Since its inception in 2010, Es'hailSat, the Qatar Satellite Company, has grown into a major satellite operator in the Middle East. Es’hailSat’s satellites, the Es’hail-1 and Es’hail-2 are currently transmitting high quality, premium DTH television content across the MENA region.

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The global telecommunications industry is a unique and vibrant industry that is constantly evolving due to the new technologies and infrastructure which continue to filter into the market. Now more than ever, telcos depend on the adaptation to a digitized environment, the efficiency and optimization of business processes, as well as monitoring and reporting capabilities.  

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COVID-19 has highlighted the importance of telecommunications and the need to have resilient infrastructure capable of ensuring a seamless experience in light of the rise of remote experiences’ trend. EY published recently a study entitled “Top 10 risks in telecommunications” which sees failure to maintain network resilience in a post-pandemic world emerge as the most pressing challenge for the industry. Telecom Review spoke to Tom Loozen, EY global telecommunications leader, to discuss the outcomes of the study and highlight its main findings.

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COVID-19 updates
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The Covid-19 crisis enveloping millions of people around the world is also presenting a business opportunity for one tech sector: facial recognition.  Biometrics companies that make facial recognition hardware have adapted its technology to determine temperature. In recent weeks, many companies have been marketing technologies as capable of picking out who in a crowd is likely to have a fever, and thus a possible coronavirus case.

This technology is not new. During the 2003 SARS and 2009 swine flu epidemics, airports across the U.S. used thermal imaging cameras to spot travelers who had fevers. What’s different about the technology today is its ability to send out immediate alerts to the appropriate parties, who can then make an informed decision on how to act.

Surveillance tech startups have quickly launched new products to jump on the opportunity to sell high-tech solutions to businesses desperate to get back to work. Other companies have long been in the surveillance camera market and were selling thermal imaging for years before the coronavirus swept the world.

Thermal imaging does not diagnose coronavirus, but if it detects a fever, that person will be asked to undergo more testing. Amazon has installed thermal cameras at its warehouses to enhance screening for workers with fever symptoms who could be infected with the Covid-19. Amazon said the thermal camera measure was taken “to support the health and safety of our employees, who continue to provide a critical service in our communities.”

But the problems with this technology are that thermal imaging is an imprecise method for scanning crowds, and doesn't measure inner-body temperature. It is also worth noting that the coronavirus only produces a fever after a person is infected for days, if there are symptoms at all.

A recent study in Iceland looking at tests from a sizable portion of the population found that 50 percent of everyone who tested positive did not show any symptoms. That hasn’t stopped the uptake for thermal cameras as governmental agencies, hospitals and private businesses scramble to find new ways to track those who may be infected.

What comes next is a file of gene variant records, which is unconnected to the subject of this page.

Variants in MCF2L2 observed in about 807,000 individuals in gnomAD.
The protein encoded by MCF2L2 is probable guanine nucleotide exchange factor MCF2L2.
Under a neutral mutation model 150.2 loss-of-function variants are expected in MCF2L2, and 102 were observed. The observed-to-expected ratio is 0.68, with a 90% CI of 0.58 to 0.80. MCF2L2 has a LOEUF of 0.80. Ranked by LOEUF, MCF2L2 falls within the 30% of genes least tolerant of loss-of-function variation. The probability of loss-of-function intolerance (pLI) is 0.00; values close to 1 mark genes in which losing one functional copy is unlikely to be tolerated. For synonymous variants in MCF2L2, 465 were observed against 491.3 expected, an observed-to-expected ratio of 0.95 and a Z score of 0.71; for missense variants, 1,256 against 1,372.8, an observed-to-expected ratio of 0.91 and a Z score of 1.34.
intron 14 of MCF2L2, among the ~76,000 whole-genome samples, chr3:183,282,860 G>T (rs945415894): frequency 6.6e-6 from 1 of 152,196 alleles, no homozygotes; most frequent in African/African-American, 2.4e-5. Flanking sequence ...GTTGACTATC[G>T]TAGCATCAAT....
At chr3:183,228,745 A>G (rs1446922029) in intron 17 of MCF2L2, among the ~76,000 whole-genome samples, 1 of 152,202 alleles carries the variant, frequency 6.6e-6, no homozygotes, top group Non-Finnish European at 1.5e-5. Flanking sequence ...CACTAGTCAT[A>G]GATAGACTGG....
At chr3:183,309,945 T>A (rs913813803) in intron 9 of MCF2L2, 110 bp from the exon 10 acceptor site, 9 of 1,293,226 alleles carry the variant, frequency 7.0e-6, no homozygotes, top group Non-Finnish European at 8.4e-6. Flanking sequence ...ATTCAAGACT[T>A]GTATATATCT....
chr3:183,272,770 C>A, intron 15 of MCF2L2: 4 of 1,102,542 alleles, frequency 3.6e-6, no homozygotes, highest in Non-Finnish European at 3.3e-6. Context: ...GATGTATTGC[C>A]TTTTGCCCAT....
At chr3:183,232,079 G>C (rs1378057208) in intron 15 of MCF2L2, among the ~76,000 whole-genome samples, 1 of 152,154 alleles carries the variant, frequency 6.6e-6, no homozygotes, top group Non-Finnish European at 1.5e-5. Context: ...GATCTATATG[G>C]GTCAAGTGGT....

As part of smart city projects, temperature sensing cameras are being deployed to combat the spread of the disease. The plan is to develop a multi-sensor camera for security and smart building applications leveraging  facial recognition and analytics to identify people who have a high temperature as they are about to enter buildings.

Thermal image scanning for fever detection is broadly in use across China and South Korea, where the systems are set up in the fronts of businesses and buildings across both countries. Some businesses, have set up thermal imaging systems too, but the technology is not yet broadly adopted.

Thermal human face images are generated due to the body heat pattern of the human being. The range of human face and body temperature generally vary from 35.5°C to 37.5°C, providing a consistent thermal signature. The thermal patterns of faces are derived primarily from the pattern of superficial blood vessels under the skin. The vein and tissue structure of the face is unique for each person and, therefore, the images are also unique.

However, thermal cameras may be able to accurately read a person's skin temperature, but that does not mean they are effective at identifying people who have been infected with the coronavirus.

For screening people's health when traveling, the World Health Organization notes that “temperature screening alone may not be very effective as it may miss travelers incubating the disease or travelers concealing fever during travel, or it may yield false positive (fever of a different cause),” in guidance on its website.

There are other limitations of thermal imaging that could render it ineffective in accurately identifying coronavirus infections:

  • Redistribution of blood flow due to alertness and anxiety causes abrupt changes in skin temperature;
  • Energetic physical activity, consumption of food, alcohol, caffeine etc. may also affect the thermal characteristics;
  • Glasses block most of thermal energy;
  • Thermal cameras are expensive to deploy.
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